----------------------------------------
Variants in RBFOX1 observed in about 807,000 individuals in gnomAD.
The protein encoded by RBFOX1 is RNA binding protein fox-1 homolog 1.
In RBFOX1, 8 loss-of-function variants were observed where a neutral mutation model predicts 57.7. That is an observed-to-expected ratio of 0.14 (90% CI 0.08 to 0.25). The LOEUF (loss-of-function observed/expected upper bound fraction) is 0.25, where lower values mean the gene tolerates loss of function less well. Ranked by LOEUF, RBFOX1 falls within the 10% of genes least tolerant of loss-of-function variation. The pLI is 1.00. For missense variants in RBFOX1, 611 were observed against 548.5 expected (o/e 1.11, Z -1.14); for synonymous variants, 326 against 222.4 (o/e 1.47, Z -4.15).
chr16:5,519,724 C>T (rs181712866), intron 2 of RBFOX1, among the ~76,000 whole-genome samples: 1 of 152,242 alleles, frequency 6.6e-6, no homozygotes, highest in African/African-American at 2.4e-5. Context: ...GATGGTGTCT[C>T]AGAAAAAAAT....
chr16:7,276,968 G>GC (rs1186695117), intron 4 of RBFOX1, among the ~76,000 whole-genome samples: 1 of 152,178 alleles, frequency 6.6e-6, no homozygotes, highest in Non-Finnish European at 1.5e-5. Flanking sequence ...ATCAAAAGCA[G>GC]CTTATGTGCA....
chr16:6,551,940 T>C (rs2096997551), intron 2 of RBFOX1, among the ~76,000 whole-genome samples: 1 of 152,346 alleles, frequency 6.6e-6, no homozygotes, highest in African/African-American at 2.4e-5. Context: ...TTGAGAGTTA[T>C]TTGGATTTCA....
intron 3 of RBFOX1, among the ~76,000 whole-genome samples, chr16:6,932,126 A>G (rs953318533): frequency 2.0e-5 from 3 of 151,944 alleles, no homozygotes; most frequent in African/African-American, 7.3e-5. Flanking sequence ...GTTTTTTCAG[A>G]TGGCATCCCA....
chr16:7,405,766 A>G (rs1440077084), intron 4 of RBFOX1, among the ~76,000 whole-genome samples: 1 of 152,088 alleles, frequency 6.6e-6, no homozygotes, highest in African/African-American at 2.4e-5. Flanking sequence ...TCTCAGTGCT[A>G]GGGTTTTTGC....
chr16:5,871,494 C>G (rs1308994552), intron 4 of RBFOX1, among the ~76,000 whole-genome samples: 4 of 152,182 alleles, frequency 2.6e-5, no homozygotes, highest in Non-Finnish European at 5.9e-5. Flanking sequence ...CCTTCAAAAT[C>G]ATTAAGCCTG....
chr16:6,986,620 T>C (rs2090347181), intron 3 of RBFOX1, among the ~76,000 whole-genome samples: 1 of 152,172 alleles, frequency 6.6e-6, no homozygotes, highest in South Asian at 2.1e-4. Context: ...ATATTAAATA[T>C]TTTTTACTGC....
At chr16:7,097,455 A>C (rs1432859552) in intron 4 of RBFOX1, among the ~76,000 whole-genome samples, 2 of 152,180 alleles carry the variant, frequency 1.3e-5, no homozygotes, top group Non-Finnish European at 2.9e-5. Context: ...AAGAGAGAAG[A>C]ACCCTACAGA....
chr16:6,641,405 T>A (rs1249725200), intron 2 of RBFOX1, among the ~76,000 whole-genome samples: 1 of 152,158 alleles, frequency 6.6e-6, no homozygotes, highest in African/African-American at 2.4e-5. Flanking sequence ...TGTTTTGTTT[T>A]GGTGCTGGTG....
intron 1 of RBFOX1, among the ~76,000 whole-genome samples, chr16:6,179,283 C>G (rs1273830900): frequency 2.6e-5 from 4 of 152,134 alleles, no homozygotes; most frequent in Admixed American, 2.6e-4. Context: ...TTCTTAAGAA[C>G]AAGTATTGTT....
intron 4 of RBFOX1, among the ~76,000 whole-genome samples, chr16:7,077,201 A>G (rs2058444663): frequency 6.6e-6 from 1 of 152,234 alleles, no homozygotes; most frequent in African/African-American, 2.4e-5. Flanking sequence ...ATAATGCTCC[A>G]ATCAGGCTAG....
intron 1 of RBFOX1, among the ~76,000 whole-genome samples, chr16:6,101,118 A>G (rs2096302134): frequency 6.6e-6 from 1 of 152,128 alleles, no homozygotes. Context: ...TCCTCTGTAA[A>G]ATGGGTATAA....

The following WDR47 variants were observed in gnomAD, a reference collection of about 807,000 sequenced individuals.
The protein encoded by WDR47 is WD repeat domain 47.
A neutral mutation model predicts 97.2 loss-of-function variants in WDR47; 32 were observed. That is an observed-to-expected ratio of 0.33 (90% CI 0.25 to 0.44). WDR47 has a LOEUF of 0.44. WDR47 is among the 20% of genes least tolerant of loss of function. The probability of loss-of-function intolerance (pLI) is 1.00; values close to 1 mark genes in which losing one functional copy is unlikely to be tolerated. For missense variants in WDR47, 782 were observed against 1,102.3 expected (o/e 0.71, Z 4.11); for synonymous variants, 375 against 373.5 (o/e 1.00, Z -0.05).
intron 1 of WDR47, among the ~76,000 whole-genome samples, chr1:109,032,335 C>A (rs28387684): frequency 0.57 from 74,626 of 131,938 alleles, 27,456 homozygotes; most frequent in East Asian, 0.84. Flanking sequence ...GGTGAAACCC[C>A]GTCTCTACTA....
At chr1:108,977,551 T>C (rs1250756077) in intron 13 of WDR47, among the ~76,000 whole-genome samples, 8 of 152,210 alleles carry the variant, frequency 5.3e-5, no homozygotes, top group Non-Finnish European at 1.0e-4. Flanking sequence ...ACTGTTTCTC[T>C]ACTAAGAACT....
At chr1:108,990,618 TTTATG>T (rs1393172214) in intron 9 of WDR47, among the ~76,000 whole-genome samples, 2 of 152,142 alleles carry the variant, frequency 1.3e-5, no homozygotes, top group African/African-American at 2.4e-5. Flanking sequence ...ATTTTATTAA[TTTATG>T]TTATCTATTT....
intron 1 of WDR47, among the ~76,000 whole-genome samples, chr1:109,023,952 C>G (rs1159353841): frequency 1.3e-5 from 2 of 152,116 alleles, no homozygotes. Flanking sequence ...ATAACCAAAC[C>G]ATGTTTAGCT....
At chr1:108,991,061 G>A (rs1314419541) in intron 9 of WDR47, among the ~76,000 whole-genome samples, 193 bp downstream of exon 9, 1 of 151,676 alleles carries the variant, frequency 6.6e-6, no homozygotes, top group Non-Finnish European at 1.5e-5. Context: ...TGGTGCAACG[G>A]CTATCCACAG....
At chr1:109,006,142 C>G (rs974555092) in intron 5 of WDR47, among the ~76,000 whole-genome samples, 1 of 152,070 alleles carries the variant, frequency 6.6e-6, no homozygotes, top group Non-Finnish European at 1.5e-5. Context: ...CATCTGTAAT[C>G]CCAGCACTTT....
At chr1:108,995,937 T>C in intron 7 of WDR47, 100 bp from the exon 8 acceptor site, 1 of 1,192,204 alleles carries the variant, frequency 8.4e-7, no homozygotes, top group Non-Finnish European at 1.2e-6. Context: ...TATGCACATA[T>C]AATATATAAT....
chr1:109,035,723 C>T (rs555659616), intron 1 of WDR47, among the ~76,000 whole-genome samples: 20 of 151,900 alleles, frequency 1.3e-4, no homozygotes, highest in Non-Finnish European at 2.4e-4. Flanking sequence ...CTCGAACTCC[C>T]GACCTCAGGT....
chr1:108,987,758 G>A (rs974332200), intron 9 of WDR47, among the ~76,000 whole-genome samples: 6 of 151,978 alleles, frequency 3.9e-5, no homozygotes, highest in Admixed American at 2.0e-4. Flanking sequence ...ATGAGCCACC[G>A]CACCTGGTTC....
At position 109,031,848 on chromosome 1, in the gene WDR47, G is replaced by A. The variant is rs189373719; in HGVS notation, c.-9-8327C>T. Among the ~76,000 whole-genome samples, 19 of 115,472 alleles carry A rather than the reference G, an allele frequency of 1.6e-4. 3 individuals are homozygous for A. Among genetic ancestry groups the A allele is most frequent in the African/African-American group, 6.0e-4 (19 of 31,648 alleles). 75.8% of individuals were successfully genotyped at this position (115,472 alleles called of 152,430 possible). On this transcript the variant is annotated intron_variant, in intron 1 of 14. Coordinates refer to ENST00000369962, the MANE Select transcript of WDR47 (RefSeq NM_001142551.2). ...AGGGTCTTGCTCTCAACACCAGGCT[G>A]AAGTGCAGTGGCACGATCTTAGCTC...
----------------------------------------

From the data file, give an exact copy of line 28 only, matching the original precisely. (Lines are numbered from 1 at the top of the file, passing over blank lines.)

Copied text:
At position 109,031,848 on chromosome 1, in the gene WDR47, G is replaced by A. The variant is rs189373719; in HGVS notation, c.-9-8327C>T. Among the ~76,000 whole-genome samples, 19 of 115,472 alleles carry A rather than the reference G, an allele frequency of 1.6e-4. 3 individuals are homozygous for A. Among genetic ancestry groups the A allele is most frequent in the African/African-American group, 6.0e-4 (19 of 31,648 alleles). 75.8% of individuals were successfully genotyped at this position (115,472 alleles called of 152,430 possible). On this transcript the variant is annotated intron_variant, in intron 1 of 14. Coordinates refer to ENST00000369962, the MANE Select transcript of WDR47 (RefSeq NM_001142551.2). ...AGGGTCTTGCTCTCAACACCAGGCT[G>A]AAGTGCAGTGGCACGATCTTAGCTC...